Ed Reinke / AP
WASHINGTON — Senate Majority Leader Mitch McConnell beat the White House to announcing President Trump's second judicial nomination.
In the midst of the confirmation hearing this week for Trump's Supreme Court nominee, McConnell's office got word from the White House that Trump had selected his first lower court nominee — a judge long supported by McConnell.
Several Kentucky reporters said they received a version of a White House news release from McConnell's office on Monday evening — along with the senator's comments — announcing Judge Amul Thapar as Trump's nominee for a vacancy on the US Court of Appeals for the Sixth Circuit.
But the White House didn't put out a press release on Monday. With no fanfare, the White House announced Thapar's nomination late in the morning on Tuesday. The news release included a brief biography and no statement from Trump. There were some small wording changes between the version that McConnell received and sent out and the release that the White House put out on Tuesday.
BuzzFeed News reported earlier this month that Thapar, who was on Trump's Supreme Court short list, was a frontrunner for the Sixth Circuit seat.
Thapar — a judge on the US District Court for the Eastern District of Kentucky since 2008— has long had support from McConnell, who introduced Thapar at confirmation hearings when he was nominated to the Kentucky district court and, before that, when he was nominated to serve as a US attorney in Kentucky.
McConnell, in a statement, called Thapar "my friend," and said that he looked forward to his confirmation.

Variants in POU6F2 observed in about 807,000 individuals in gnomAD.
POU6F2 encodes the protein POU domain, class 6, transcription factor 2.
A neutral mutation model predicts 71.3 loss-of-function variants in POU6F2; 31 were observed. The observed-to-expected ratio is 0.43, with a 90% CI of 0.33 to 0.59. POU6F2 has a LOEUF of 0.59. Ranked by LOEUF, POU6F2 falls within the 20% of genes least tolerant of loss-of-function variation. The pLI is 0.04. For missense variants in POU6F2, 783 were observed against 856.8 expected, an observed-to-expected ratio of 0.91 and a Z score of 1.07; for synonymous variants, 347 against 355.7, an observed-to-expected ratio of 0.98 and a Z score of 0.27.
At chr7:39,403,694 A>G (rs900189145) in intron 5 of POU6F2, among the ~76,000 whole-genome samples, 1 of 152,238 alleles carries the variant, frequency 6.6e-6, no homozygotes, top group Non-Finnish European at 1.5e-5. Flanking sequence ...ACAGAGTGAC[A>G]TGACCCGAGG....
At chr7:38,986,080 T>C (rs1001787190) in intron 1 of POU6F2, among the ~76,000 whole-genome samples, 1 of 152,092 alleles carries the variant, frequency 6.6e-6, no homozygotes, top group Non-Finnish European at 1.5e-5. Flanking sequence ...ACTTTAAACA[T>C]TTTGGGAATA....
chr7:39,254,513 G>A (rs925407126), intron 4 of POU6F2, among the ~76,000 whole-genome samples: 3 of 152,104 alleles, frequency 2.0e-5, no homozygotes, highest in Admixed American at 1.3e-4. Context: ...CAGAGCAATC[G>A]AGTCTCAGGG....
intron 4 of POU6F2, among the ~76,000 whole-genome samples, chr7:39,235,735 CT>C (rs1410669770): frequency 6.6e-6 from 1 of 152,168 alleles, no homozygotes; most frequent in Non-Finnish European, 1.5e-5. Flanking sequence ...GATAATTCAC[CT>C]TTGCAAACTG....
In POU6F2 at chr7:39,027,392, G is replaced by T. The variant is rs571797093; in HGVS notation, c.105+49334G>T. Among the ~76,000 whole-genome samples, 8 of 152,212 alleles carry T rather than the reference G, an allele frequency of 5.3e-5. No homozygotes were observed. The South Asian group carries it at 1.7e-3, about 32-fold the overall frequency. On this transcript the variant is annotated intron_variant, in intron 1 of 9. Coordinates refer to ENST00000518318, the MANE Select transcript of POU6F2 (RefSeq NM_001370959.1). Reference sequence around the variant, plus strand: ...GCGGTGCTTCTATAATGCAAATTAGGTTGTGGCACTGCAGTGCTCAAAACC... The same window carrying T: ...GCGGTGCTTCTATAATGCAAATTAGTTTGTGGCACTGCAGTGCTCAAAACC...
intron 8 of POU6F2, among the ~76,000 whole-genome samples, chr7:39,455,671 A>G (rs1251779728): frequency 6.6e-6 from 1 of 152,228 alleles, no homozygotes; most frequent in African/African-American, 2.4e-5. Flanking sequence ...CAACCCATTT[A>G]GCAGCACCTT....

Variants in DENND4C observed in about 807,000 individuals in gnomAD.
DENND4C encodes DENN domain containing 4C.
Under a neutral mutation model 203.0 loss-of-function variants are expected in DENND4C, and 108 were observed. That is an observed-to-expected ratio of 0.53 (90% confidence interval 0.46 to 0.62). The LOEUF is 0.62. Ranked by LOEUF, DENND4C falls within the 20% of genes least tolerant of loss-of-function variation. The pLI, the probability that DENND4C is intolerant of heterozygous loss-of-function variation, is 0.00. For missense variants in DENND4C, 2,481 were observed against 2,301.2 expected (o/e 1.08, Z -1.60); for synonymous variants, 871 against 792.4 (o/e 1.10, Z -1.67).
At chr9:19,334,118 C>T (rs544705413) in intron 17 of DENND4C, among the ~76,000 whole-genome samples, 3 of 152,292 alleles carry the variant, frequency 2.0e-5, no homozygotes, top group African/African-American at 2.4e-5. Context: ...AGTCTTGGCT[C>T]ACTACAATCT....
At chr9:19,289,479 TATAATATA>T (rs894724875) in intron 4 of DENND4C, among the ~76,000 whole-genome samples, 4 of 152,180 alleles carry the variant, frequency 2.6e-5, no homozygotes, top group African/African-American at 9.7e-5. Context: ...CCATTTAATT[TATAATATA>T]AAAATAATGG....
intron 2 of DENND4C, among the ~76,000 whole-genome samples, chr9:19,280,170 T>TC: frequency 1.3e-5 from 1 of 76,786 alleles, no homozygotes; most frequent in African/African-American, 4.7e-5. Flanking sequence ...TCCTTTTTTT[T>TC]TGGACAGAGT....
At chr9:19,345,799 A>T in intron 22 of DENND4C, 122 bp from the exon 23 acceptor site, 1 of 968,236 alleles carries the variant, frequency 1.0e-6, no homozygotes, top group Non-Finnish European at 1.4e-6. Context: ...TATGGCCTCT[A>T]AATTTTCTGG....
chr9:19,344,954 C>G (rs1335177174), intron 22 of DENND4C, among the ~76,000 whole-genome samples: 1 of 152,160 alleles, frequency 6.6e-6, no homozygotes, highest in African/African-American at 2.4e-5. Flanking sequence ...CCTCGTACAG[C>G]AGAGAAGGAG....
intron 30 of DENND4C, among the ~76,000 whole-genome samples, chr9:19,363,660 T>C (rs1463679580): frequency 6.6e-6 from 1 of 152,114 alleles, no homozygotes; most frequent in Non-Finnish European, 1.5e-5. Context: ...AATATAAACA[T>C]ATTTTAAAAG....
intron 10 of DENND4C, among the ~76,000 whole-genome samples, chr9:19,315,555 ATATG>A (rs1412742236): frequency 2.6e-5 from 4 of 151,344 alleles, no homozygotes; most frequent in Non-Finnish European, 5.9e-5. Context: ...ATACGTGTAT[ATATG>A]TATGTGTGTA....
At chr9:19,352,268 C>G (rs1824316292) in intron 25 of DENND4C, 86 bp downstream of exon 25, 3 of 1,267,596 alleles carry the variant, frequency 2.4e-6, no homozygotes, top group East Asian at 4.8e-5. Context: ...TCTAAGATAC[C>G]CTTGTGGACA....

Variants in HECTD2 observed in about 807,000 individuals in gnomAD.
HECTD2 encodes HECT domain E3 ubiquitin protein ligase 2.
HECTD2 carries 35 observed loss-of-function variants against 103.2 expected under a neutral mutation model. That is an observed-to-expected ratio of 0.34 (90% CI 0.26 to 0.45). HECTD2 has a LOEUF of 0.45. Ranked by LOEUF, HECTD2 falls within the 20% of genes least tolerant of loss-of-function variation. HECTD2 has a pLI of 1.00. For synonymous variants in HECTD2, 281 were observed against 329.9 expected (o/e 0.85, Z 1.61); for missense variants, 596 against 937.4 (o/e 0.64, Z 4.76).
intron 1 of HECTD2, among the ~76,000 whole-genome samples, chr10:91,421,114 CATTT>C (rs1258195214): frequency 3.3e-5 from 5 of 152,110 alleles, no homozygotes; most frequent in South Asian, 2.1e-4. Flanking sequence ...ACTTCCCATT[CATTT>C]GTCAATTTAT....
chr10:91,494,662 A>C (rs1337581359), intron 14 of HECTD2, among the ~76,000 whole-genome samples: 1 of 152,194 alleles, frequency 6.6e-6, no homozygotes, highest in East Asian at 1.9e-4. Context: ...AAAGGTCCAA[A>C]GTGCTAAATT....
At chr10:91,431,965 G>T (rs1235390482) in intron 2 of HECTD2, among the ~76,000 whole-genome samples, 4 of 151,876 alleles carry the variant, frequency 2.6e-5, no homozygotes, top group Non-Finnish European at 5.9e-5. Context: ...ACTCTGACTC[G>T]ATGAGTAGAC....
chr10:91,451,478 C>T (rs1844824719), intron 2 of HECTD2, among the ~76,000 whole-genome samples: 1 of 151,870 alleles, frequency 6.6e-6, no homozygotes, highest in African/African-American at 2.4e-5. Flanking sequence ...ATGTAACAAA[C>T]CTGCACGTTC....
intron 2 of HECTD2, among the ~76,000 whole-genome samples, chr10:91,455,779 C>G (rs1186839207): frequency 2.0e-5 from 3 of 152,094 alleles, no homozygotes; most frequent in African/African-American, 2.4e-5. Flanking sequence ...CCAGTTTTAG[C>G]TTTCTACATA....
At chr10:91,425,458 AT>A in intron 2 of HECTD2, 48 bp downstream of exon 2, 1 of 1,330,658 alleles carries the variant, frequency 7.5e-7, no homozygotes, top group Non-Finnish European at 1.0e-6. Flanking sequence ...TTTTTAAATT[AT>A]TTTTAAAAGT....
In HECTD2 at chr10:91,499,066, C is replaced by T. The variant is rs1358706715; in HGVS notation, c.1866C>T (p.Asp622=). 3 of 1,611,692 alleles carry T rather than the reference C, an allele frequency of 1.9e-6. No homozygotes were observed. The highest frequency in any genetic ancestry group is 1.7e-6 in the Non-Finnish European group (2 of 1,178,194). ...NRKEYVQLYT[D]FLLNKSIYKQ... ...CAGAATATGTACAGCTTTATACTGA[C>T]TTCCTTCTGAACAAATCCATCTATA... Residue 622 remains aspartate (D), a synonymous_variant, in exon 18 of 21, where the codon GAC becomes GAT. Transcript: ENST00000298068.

While the first nomination of a lower court judge came about under somewhat unusual circumstances, the announcement about Thapar gets Trump's second judicial pick on the board. There are 122 other vacancies on the district, circuit, and other federal courts — excluding the seats that Gorsuch and Thapar would fill if confirmed.
Although the White House's priority as soon as Trump took office was the Supreme Court vacancy left by the death of Justice Antonin Scalia in February 2016, Trump administration officials have begun preparing for lower nominees, seeking some input and receiving recommendations from senators.
Presidents have handled the rollout of their first lower court nominees in different ways. President George W. Bush announced the nomination of his first 11 lower court nominees at a White House ceremony in May 2001. President Obama in March 2009 put out a press release about his first pick, Seventh Circuit Judge David Hamilton, that included a statement from the president and noted the bipartisan support Hamilton had from his home state senators.
Obama was criticized by liberals for not acting fast enough to fill vacancies in his first term when he had a Democratic majority in the Senate, setting the stage for Republicans to successfully block his nominees once they took control. Republicans are hoping Trump learns from that history.
Thapar is one of the 21 people who Trump said during the presidential campaign last year he would consider for the Supreme Court. Thapar made history when he was confirmed to the district court in Kentucky, becoming the first South Asian American judge on a federal district or appeals court.
Lawyers in Kentucky say that Thapar is well-respected and tough to pigeonhole ideologically, although one did describe him as a strict constructionist — a conservative approach to judicial decisionmaking that focuses on the text of a particular law at issue.
Thapar's office declined to comment on Tuesday about the nomination.